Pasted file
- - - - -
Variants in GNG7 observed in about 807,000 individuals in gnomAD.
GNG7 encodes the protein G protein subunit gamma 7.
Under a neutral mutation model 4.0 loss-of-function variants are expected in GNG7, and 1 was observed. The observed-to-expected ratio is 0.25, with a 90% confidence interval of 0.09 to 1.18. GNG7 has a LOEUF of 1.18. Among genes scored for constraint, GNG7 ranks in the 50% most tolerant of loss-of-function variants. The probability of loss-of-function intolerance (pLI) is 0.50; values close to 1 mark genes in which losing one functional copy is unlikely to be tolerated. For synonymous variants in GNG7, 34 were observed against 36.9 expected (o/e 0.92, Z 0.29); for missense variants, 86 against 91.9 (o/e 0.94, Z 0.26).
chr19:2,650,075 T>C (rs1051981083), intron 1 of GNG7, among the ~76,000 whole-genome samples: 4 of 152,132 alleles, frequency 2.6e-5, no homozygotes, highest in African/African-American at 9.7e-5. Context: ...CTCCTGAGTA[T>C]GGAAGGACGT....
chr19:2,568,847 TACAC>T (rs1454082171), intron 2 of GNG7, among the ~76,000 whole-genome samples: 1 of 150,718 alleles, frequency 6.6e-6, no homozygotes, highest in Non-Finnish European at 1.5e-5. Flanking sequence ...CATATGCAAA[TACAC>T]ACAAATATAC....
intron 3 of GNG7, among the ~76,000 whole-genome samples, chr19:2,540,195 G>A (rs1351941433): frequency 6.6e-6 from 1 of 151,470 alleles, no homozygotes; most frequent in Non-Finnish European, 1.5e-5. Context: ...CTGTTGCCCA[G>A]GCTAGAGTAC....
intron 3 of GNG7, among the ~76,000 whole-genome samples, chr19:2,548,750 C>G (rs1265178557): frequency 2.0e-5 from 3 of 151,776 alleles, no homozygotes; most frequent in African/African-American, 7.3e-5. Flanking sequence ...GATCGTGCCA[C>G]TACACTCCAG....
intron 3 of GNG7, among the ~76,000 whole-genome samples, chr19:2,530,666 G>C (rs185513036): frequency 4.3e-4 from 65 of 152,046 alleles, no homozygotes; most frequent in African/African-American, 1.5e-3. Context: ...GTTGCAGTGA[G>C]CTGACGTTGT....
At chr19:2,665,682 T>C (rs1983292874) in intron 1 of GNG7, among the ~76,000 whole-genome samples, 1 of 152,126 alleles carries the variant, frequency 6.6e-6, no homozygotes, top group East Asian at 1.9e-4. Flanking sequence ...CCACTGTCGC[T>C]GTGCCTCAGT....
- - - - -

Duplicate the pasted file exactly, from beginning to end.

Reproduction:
Variants in GNG7 observed in about 807,000 individuals in gnomAD.
GNG7 encodes the protein G protein subunit gamma 7.
Under a neutral mutation model 4.0 loss-of-function variants are expected in GNG7, and 1 was observed. The observed-to-expected ratio is 0.25, with a 90% confidence interval of 0.09 to 1.18. GNG7 has a LOEUF of 1.18. Among genes scored for constraint, GNG7 ranks in the 50% most tolerant of loss-of-function variants. The probability of loss-of-function intolerance (pLI) is 0.50; values close to 1 mark genes in which losing one functional copy is unlikely to be tolerated. For synonymous variants in GNG7, 34 were observed against 36.9 expected (o/e 0.92, Z 0.29); for missense variants, 86 against 91.9 (o/e 0.94, Z 0.26).
chr19:2,650,075 T>C (rs1051981083), intron 1 of GNG7, among the ~76,000 whole-genome samples: 4 of 152,132 alleles, frequency 2.6e-5, no homozygotes, highest in African/African-American at 9.7e-5. Context: ...CTCCTGAGTA[T>C]GGAAGGACGT....
chr19:2,568,847 TACAC>T (rs1454082171), intron 2 of GNG7, among the ~76,000 whole-genome samples: 1 of 150,718 alleles, frequency 6.6e-6, no homozygotes, highest in Non-Finnish European at 1.5e-5. Flanking sequence ...CATATGCAAA[TACAC>T]ACAAATATAC....
intron 3 of GNG7, among the ~76,000 whole-genome samples, chr19:2,540,195 G>A (rs1351941433): frequency 6.6e-6 from 1 of 151,470 alleles, no homozygotes; most frequent in Non-Finnish European, 1.5e-5. Context: ...CTGTTGCCCA[G>A]GCTAGAGTAC....
intron 3 of GNG7, among the ~76,000 whole-genome samples, chr19:2,548,750 C>G (rs1265178557): frequency 2.0e-5 from 3 of 151,776 alleles, no homozygotes; most frequent in African/African-American, 7.3e-5. Flanking sequence ...GATCGTGCCA[C>G]TACACTCCAG....
intron 3 of GNG7, among the ~76,000 whole-genome samples, chr19:2,530,666 G>C (rs185513036): frequency 4.3e-4 from 65 of 152,046 alleles, no homozygotes; most frequent in African/African-American, 1.5e-3. Context: ...GTTGCAGTGA[G>C]CTGACGTTGT....
At chr19:2,665,682 T>C (rs1983292874) in intron 1 of GNG7, among the ~76,000 whole-genome samples, 1 of 152,126 alleles carries the variant, frequency 6.6e-6, no homozygotes, top group East Asian at 1.9e-4. Flanking sequence ...CCACTGTCGC[T>C]GTGCCTCAGT....